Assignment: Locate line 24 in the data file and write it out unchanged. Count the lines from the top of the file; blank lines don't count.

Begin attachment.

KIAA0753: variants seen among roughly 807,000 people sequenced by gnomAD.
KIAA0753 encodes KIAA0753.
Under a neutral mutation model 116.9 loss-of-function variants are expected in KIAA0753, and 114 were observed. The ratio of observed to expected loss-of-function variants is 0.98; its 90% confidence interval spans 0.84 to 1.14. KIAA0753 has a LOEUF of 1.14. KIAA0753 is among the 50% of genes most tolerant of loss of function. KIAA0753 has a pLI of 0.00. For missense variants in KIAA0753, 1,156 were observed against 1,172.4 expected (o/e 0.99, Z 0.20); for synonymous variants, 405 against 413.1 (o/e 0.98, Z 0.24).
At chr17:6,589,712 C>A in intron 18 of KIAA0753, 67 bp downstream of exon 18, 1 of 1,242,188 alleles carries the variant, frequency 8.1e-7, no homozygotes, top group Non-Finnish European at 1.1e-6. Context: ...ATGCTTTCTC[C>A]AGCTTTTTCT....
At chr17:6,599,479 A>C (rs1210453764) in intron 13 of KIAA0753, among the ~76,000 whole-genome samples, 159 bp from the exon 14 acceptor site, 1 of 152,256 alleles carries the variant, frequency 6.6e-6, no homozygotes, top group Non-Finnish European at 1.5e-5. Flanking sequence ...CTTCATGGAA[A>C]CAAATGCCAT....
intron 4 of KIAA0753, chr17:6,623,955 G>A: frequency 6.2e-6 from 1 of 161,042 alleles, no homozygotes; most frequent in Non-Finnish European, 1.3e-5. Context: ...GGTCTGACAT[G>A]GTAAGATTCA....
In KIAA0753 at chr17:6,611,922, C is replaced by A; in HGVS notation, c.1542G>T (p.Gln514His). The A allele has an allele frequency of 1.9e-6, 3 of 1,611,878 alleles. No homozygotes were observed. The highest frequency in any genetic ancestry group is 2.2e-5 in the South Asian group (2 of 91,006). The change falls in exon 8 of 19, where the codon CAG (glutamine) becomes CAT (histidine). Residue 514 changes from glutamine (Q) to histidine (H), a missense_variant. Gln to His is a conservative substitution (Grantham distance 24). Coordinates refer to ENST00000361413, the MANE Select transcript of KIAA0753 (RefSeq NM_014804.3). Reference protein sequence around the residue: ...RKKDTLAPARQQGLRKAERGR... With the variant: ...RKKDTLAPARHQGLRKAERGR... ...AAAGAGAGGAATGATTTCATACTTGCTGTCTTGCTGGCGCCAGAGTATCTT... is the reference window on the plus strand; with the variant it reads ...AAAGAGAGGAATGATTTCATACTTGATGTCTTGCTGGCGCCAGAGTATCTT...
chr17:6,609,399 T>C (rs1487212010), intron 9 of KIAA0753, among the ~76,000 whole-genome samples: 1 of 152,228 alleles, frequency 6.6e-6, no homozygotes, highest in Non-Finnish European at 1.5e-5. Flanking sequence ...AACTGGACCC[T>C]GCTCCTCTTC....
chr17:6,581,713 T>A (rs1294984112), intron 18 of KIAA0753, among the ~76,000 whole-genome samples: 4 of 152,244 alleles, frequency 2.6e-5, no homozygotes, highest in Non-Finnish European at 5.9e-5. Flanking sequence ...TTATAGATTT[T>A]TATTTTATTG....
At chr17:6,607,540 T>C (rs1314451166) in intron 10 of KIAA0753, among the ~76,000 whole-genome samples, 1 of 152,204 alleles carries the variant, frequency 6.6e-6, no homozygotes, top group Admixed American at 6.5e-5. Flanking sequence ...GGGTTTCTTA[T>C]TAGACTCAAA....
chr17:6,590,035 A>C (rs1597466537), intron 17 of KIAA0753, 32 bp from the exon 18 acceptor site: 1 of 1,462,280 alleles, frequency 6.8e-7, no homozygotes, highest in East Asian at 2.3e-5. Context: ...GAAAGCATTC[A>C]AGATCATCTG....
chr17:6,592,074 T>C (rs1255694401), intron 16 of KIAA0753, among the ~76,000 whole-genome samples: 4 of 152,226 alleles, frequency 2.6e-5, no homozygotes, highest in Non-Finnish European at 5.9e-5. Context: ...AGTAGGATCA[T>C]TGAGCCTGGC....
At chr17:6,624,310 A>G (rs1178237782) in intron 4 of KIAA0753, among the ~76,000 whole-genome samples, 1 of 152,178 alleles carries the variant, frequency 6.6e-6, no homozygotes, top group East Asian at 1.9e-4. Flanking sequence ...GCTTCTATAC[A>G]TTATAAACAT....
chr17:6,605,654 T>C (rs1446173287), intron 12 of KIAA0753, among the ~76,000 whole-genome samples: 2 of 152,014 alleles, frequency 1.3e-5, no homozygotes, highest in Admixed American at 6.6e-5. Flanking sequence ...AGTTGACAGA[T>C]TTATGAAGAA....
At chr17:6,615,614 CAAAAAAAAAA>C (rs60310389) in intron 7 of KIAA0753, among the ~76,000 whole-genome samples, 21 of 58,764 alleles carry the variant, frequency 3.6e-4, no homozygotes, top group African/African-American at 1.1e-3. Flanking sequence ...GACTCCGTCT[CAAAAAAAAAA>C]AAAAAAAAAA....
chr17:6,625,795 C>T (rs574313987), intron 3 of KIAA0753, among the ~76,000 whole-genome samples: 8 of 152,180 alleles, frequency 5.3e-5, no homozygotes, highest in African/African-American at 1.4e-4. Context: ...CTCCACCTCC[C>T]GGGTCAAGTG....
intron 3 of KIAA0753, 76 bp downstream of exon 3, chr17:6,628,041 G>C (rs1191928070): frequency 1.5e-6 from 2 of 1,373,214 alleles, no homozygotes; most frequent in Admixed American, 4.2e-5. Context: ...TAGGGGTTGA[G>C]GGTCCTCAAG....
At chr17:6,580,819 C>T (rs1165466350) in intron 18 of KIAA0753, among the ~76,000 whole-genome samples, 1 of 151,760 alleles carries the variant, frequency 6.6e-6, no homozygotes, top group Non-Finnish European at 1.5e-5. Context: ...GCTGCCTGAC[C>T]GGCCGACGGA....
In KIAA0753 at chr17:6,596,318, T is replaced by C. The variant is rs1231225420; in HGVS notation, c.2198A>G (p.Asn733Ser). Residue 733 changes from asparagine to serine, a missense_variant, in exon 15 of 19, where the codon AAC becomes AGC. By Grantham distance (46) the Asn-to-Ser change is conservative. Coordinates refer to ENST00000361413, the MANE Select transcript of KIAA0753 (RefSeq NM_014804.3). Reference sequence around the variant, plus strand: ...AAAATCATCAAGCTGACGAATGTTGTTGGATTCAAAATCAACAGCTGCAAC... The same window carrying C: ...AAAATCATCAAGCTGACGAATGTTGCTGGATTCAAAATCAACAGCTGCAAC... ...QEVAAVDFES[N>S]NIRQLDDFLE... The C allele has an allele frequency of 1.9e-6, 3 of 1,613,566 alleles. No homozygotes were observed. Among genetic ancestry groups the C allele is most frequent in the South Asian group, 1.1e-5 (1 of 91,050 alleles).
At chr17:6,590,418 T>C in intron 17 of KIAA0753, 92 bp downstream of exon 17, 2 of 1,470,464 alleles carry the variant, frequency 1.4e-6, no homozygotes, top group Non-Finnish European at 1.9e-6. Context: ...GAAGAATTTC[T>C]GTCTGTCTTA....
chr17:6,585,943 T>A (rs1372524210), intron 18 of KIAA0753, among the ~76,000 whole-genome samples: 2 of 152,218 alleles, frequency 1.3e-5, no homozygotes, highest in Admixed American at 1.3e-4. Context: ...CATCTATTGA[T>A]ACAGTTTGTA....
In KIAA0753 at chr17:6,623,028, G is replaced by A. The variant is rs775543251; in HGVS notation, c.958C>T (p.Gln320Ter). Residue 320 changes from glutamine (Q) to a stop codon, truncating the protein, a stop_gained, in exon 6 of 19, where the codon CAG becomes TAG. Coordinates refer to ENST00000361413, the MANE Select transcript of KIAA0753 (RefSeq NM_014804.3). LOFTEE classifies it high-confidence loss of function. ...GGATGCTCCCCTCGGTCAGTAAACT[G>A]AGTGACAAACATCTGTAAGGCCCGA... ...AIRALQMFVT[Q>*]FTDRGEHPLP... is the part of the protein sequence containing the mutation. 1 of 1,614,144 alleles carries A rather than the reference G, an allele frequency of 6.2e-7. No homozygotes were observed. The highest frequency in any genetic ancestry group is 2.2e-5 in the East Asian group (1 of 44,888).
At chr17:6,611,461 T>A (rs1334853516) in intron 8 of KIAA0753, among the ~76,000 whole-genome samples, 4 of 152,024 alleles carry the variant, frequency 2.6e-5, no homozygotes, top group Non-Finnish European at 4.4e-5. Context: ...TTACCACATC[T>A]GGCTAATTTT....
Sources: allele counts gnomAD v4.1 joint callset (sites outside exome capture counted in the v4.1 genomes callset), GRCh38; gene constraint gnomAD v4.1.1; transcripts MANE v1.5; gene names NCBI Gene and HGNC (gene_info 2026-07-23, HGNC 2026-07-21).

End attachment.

Sources: allele counts gnomAD v4.1 joint callset (sites outside exome capture counted in the v4.1 genomes callset), GRCh38; gene constraint gnomAD v4.1.1; transcripts MANE v1.5; gene names NCBI Gene and HGNC (gene_info 2026-07-23, HGNC 2026-07-21).